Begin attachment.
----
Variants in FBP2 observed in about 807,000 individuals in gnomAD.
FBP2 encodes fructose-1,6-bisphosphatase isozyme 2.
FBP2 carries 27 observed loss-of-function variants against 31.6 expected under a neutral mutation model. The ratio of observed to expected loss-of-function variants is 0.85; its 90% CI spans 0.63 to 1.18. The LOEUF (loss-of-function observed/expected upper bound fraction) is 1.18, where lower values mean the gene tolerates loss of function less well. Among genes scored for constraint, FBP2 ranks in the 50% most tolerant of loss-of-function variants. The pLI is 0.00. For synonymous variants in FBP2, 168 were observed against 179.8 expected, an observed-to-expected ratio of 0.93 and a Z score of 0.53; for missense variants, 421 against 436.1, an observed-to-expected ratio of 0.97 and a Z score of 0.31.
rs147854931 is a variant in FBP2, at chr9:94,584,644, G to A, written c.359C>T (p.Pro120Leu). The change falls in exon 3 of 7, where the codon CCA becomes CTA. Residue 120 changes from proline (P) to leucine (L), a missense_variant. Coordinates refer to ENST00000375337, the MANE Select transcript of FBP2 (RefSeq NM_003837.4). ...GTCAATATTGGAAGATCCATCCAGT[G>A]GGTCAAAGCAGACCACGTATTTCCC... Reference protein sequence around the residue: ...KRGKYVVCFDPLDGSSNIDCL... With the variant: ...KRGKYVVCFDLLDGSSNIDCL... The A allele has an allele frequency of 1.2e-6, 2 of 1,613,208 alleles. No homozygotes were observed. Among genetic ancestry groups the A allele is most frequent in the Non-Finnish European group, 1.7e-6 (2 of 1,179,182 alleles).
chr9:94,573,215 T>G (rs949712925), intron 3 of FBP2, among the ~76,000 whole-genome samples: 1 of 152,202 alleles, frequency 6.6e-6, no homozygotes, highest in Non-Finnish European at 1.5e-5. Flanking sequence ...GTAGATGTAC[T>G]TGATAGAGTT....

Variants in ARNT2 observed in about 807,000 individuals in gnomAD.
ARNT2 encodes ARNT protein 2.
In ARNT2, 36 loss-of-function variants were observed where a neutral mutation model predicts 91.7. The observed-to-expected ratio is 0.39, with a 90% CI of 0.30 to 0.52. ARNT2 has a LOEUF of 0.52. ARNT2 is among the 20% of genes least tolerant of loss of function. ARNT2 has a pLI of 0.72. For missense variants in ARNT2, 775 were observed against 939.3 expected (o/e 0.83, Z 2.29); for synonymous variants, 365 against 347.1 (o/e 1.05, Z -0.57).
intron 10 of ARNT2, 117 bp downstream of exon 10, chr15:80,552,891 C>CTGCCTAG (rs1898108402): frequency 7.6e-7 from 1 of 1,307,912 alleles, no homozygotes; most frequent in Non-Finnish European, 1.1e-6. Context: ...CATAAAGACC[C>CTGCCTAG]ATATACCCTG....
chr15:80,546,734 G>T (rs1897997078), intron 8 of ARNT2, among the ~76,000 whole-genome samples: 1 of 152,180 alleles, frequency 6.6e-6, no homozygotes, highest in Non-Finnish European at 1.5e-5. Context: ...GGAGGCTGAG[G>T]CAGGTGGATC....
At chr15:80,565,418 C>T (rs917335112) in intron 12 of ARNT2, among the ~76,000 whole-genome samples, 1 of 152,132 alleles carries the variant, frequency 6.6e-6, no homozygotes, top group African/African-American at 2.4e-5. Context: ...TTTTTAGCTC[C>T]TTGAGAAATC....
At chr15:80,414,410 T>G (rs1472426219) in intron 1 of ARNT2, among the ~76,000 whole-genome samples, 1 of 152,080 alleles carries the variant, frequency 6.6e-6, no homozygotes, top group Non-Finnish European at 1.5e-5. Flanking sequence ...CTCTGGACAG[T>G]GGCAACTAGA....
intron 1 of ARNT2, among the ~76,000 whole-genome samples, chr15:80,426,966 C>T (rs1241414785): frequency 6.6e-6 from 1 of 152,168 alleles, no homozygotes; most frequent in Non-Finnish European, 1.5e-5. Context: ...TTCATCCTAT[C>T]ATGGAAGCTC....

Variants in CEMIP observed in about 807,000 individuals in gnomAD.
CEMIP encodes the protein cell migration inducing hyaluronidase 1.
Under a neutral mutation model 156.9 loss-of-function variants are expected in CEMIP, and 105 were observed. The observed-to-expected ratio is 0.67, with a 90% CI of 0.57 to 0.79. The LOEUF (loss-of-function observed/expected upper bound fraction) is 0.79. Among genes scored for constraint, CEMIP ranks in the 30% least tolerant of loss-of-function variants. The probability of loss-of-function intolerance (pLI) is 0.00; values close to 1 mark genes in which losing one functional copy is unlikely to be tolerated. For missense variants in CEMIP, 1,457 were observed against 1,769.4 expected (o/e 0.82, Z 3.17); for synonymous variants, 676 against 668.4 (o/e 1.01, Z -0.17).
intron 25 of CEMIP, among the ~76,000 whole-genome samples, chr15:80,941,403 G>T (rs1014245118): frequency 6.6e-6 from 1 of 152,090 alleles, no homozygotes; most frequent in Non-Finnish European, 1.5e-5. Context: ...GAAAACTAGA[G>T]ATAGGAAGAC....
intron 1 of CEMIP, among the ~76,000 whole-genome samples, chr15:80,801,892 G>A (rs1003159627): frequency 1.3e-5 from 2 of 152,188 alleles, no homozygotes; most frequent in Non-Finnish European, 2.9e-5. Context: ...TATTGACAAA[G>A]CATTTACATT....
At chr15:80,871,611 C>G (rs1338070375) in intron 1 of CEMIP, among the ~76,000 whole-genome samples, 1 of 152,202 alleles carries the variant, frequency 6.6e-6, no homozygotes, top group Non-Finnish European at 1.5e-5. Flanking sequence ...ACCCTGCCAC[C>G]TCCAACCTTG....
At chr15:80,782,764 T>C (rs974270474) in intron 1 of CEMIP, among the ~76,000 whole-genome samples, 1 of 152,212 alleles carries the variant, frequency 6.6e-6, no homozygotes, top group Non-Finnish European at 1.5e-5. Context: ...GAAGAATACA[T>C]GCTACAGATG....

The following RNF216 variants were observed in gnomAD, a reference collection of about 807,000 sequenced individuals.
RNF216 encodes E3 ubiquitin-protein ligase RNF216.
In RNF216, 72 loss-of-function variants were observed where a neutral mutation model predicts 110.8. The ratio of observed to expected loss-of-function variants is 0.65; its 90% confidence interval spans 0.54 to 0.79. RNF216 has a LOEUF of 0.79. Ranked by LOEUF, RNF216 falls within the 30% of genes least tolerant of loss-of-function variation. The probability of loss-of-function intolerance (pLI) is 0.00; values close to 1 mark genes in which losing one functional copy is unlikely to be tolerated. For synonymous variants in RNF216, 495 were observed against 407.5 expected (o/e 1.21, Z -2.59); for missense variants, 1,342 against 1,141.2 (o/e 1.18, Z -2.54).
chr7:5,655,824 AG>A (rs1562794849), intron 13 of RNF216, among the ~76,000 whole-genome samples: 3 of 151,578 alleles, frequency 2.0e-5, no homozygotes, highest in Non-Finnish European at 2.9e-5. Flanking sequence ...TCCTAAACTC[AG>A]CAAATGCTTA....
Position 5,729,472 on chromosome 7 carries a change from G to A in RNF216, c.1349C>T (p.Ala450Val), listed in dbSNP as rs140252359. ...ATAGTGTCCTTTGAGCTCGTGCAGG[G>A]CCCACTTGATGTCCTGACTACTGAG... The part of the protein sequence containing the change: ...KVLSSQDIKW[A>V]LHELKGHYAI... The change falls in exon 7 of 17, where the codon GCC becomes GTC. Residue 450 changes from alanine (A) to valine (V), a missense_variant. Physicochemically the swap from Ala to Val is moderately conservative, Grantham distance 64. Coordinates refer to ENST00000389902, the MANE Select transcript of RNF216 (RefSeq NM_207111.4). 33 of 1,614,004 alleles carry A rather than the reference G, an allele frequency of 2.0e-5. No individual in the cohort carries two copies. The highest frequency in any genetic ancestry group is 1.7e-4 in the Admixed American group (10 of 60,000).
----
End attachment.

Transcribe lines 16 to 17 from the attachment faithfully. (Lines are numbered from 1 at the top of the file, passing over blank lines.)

Under a neutral mutation model 156.9 loss-of-function variants are expected in CEMIP, and 105 were observed. The observed-to-expected ratio is 0.67, with a 90% CI of 0.57 to 0.79. The LOEUF (loss-of-function observed/expected upper bound fraction) is 0.79. Among genes scored for constraint, CEMIP ranks in the 30% least tolerant of loss-of-function variants. The probability of loss-of-function intolerance (pLI) is 0.00; values close to 1 mark genes in which losing one functional copy is unlikely to be tolerated. For missense variants in CEMIP, 1,457 were observed against 1,769.4 expected (o/e 0.82, Z 3.17); for synonymous variants, 676 against 668.4 (o/e 1.01, Z -0.17).
intron 25 of CEMIP, among the ~76,000 whole-genome samples, chr15:80,941,403 G>T (rs1014245118): frequency 6.6e-6 from 1 of 152,090 alleles, no homozygotes; most frequent in Non-Finnish European, 1.5e-5. Context: ...GAAAACTAGA[G>T]ATAGGAAGAC....